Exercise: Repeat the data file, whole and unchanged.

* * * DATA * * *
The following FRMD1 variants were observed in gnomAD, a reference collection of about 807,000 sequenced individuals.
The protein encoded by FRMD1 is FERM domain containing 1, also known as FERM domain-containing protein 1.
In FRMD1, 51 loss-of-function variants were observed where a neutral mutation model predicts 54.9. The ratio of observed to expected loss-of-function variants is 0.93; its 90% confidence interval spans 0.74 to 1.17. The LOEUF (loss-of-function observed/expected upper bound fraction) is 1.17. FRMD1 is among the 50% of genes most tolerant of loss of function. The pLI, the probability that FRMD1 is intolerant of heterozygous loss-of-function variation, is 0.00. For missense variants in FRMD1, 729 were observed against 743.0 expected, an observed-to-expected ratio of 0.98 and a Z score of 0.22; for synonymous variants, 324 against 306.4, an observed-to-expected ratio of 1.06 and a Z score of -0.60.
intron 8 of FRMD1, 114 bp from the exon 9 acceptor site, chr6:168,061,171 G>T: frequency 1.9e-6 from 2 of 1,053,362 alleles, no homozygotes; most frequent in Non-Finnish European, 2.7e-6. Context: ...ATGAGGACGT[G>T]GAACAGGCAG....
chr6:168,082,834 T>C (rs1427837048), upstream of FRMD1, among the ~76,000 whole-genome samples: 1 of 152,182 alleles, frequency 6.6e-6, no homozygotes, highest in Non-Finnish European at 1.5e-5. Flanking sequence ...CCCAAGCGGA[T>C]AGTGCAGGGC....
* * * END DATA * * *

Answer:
The following FRMD1 variants were observed in gnomAD, a reference collection of about 807,000 sequenced individuals.
The protein encoded by FRMD1 is FERM domain containing 1, also known as FERM domain-containing protein 1.
In FRMD1, 51 loss-of-function variants were observed where a neutral mutation model predicts 54.9. The ratio of observed to expected loss-of-function variants is 0.93; its 90% confidence interval spans 0.74 to 1.17. The LOEUF (loss-of-function observed/expected upper bound fraction) is 1.17. FRMD1 is among the 50% of genes most tolerant of loss of function. The pLI, the probability that FRMD1 is intolerant of heterozygous loss-of-function variation, is 0.00. For missense variants in FRMD1, 729 were observed against 743.0 expected, an observed-to-expected ratio of 0.98 and a Z score of 0.22; for synonymous variants, 324 against 306.4, an observed-to-expected ratio of 1.06 and a Z score of -0.60.
intron 8 of FRMD1, 114 bp from the exon 9 acceptor site, chr6:168,061,171 G>T: frequency 1.9e-6 from 2 of 1,053,362 alleles, no homozygotes; most frequent in Non-Finnish European, 2.7e-6. Context: ...ATGAGGACGT[G>T]GAACAGGCAG....
chr6:168,082,834 T>C (rs1427837048), upstream of FRMD1, among the ~76,000 whole-genome samples: 1 of 152,182 alleles, frequency 6.6e-6, no homozygotes, highest in Non-Finnish European at 1.5e-5. Flanking sequence ...CCCAAGCGGA[T>C]AGTGCAGGGC....